The incomparable Mitzi Gaynor (still going strong!) is in the primetime spotlight with several of her movies: The Joker is Wild (1957; 8pm), Les Girls (1957; 10:15pm), The I Don't Care Girl (1953; 12:15am) and Golden Girl (1951; 2:45am).  The odd man out is her 1974 CBS-TV special Mitzi: A Tribute to the American Housewife, which airs at 1:45am.

May 13, Tuesday – Another well-known boob tube Mom gets her moment in the TCM spotlight during the daytime hours; Jane Wyatt (Father Knows Best) will be featured in two films that I reviewed over at ClassicFlix, Pitfall (1948; 11:30am) and Criminal Lawyer (1951; 4:30pm).  Rounding out the schedule are We're Only Human (1936; 7:30am), Kisses for Breakfast (1941; 8:45am), Army Surgeon (1942; 10:15am), Bad Boy (1949; 1pm), Task Force (1949; 2:30pm) and Never Too Late (1965; 6pm).

The actress known by many as “Goldwyn’s Garbo,” Anna Sten, is placed in charge of the primetime schedule—her American film debut in Nana (1934) is at 8pm, followed by We Live Again (1934; 9:45pm), They Came to Blow Up America (1943; 11:15pm) and her feature film swan song, The Nun and the Sergeant (1962) at 12:45am.  (Anna’s the nun.)  If you like Anna, go with it (I thought she was quite good in 1941’s So Ends Our Night) but if your tastes run toward cinema vérité TCM’s showing two Maysles Brothers classics afterward: Grey Gardens (1976; 2am) and Salesman (1968; 3:45am).

May 14, Wednesday – If you’ve been keeping up with the news—you and my father have a lot in common.  Just kidding…but you may have heard that the only governor we’ve got here in the Peach State recently signed into law what we unwashed hippie liberals call the Fellate Your Firearms Fondly Bill—which odiously expands the “Stand Your Ground” doctrine to protect convicted felons who kill using illegal guns.  (Freedom!)  So with that, might I suggest you watch some of the movies in today’s line-up for tips on how to beat a potential murder rap (never turn down free legal advice): The Postman Always Rings Twice (1946; 6am), The Strange Love of Martha Ivers (1946; 8am), Dark Passage (1947; 10am), The Unfaithful (1947; 12noon), Impact (1949; 2pm), A Fever in the Blood (1961; 4pm) and Twilight of Honor (1963; 6pm).

May 15, Thursday – “A preachment, dear friend, you are about to receive…on John Barleycorn, nicotine and the temptations of Eve…”  The daylight TCM hours host films about those men call upon to preach—Hallelujah! (1929) kicks the medicine show off at 10:30am, followed by TDOY fave Stars in My Crown (1950; 12:15pm), Count Three and Pray (1955; 2pm), Wise Blood (1979; 4pm—one of sister Kat’s favorites) and The Night of the Hunter (1955; 6pm).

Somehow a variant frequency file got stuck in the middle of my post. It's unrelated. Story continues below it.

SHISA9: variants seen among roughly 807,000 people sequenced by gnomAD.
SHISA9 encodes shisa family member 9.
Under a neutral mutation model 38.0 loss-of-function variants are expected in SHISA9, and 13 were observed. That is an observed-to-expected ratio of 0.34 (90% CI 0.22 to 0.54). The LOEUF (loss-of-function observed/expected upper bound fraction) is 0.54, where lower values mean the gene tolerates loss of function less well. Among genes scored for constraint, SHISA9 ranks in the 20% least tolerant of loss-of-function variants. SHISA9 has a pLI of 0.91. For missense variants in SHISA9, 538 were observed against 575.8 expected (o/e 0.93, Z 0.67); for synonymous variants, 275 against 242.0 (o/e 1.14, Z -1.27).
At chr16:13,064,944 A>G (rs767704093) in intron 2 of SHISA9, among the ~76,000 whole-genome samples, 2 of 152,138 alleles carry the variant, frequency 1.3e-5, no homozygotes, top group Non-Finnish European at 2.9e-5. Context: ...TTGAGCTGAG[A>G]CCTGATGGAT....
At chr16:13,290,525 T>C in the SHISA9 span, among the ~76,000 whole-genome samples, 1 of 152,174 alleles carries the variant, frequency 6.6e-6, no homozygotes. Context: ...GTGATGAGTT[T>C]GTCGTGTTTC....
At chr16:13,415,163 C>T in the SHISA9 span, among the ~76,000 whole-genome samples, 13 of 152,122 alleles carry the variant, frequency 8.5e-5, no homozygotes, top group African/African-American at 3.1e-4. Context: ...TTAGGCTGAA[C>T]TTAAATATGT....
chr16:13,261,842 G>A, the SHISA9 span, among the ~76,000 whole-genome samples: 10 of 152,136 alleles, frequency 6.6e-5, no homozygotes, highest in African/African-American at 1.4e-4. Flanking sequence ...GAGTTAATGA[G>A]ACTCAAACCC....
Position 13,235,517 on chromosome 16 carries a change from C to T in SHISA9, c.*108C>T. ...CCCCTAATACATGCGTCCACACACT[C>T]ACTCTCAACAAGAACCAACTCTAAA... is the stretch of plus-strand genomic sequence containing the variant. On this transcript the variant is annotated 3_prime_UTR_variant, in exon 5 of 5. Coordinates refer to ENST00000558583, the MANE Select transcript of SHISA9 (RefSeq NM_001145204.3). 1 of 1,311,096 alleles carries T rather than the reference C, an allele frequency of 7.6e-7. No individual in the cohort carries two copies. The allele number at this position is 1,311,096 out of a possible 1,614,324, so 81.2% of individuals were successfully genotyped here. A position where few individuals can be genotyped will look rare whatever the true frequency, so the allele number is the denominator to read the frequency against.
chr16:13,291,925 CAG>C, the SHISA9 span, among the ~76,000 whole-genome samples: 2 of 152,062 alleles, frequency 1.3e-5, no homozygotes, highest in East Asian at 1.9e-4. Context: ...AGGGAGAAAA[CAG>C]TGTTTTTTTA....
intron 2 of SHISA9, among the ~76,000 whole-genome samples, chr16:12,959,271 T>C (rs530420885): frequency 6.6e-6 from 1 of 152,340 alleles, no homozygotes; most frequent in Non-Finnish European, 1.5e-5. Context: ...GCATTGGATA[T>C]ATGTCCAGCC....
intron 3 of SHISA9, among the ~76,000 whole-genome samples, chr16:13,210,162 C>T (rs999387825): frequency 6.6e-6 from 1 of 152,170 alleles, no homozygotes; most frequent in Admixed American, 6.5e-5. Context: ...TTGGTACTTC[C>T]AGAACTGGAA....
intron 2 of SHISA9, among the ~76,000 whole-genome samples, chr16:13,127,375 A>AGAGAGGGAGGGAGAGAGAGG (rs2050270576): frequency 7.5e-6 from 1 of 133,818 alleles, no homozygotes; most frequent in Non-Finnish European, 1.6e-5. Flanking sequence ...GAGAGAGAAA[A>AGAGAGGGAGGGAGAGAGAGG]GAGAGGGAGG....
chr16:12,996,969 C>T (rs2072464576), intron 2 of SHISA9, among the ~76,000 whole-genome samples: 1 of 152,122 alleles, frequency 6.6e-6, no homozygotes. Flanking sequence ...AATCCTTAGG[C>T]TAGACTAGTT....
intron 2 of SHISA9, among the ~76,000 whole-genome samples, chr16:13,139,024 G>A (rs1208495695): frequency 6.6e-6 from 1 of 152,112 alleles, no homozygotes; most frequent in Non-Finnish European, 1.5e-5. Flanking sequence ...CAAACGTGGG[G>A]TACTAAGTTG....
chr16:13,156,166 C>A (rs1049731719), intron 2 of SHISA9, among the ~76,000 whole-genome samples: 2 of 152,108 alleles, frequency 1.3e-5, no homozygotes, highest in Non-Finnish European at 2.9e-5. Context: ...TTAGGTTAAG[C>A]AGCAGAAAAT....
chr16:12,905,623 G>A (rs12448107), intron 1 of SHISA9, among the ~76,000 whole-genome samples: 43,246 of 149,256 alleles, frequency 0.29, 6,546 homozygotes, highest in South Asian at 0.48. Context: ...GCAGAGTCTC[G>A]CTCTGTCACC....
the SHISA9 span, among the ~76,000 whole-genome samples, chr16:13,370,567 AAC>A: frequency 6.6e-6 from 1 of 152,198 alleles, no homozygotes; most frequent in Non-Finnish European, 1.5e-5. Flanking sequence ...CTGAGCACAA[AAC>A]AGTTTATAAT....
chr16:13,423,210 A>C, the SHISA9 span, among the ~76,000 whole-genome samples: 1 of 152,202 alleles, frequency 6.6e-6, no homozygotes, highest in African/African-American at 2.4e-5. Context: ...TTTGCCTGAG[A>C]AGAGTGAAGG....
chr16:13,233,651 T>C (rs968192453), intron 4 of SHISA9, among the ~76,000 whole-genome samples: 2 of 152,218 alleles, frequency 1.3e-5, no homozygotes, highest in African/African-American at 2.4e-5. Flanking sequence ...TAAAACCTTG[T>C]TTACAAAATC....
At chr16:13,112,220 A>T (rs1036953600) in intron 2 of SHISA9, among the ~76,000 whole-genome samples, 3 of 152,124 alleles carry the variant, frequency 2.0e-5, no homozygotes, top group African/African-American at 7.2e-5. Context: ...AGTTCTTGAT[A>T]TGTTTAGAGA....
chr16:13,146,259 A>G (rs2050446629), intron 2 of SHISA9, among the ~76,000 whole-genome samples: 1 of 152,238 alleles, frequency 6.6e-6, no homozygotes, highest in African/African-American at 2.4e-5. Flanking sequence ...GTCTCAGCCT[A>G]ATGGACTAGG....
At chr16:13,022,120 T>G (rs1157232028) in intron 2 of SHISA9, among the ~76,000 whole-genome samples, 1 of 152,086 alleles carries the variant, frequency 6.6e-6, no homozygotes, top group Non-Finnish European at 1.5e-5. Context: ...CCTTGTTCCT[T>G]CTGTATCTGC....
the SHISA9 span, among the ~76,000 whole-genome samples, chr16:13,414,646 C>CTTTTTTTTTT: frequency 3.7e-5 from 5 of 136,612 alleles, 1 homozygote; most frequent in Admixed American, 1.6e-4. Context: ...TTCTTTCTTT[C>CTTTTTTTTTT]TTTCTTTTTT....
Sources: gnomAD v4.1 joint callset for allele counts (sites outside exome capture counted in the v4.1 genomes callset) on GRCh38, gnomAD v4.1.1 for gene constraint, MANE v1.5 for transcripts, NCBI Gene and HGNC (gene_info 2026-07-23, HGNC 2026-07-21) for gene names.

In primetime, the subject turns to “hypochondriacs”—another favorite here at Yesteryear Hospital, Why Worry? (1923) starts the evening at 8pm, then it’s Hannah and Her Sisters (1986; 9:15pm), Up in Arms (1944; 11:15pm), Send Me No Flowers (1964; 1:15am), The Little Shop of Horrors (1960; 3am) and Gold Diggers of 1937 (1936; 4:15am).

May 16, Friday – Tee Cee Em takes the WABAC machine to 1940 and dots its schedule with films from that year—Always a Bride (6am), Cross Country Romance (7am), I Take This Woman (8:15am), It's a Date (10am), Keeping Company (12noon), Lucky Partners (1:30pm), Married and in Love (3:15pm), My Love Came Back (4:30pm) and 'Til We Meet Again (6pm).

May 17, Saturday – Cue the Theremin!  The Haunting (1963) is on tap on TCM’s Essentials at 8pm, and what follows are pants-wetting trips into the unsettling world of paranormal investigations.  Which is just a fancy way of saying that The Legend of Hell House (1973) and Poltergeist (1983) follow at 10 and 11:45pm, respectively.  Stick around for TCM Underground at 3:30am—a favorite of Castle Yesteryear, Night of the Eagle (1962—a.k.a. Burn, Witch, Burn!), is on the menu.  (Evil laugh.)

May 18, Sunday – The movie that won Oscars for director Elia Kazan and Fox studio head Darryl F. Zanuck (Best Picture), Gentleman’s Agreement (1947), is scheduled at 8pm.  The two men’s attempt to make lightning strike twice with the socially conscious Pinky (1949) follows at 10:15.  (Despite Oscar nominations for stars Jeanne Crain, Ethel Barrymore and Ethel Waters, however…Pinky came up stinky.)

May 19, Monday – Bring on the empty horses!  Oscar-winning actor David Niven is in this morning’s spotlight with The Charge of the Light Brigade (1936) at 6:15am, followed by The Dawn Patrol (1938; 8:15am), The First of the Few (1942—a.k.a. Spitfire; 10am), A Kiss for Corliss (1949; 12pm), The Moon Is Blue (1953; 1:30pm), Tonight's the Night (1954; 3:15pm), The Little Hut (1957; 5pm) and The Extraordinary Seaman (1969; 6:30pm).

When evening shadows fall today and on May 20, TCM tips its hat to films produced by Mel Brooks’ production company, Brooksfilms (catchy title!).  On Monday, it’s Fatso (1980; 8pm), 84 Charing Cross Road (1987; 10pm) and The Doctor and the Devils (1985; 12mid); Tuesday features The Elephant Man (1980; 8pm), My Favorite Year (1982; 10:15pm) and To Be or Not to Be (1983; 12mid).

May 21, Wednesday – Here’s as keen an idea for a film festival as I’ve seen in a long time: a salute to character great Victor Moore (or as Fred Allen joshingly refers to him in It’s in the Bag!—“Grandma’s glamour boy!”).  The first four features—Meet the Missus (1937; 6am), We're on the Jury (1937; 7:15am), Radio City Revels (1938; 8:30am) and She's Got Everything (1938; 10:15am)—all team Vic up with frequent onscreen sparring partner Helen Broderick.  After that, it’s This Marriage Business (1938; 11:30am), The Heat's On (1943; 12:45pm), It Happened on 5th Avenue (1947; 2:15pm) and A Kiss in the Dark (1949; 4:15pm).

May 22, Thursday – While I often find it hard to choose between Sherlock, Jr. (1924) and The General (1926) as to which is Buster Keaton’s masterpiece…my favorite Keaton feature (simply on the amount of sheer pleasure it gives me) is Seven Chances (1925; 9:15am).  Maybe it’s because one of my favorite actresses, Jean Arthur, has a tiny role in it.  Well, who cares—it’ll give me a reason to watch it for the umpteenth time, plus I can enjoy The Silver Horde (1930; 10:15am), Danger Lights (1931; 11:45am), Public Hero No. 1 (1935; 1pm), The Ex-Mrs. Bradford (1936; 2:30pm), History is Made at Night (1937; 4pm)…and what may be my favorite Jean film of them all, The Talk of the Town (1942; 5:45pm).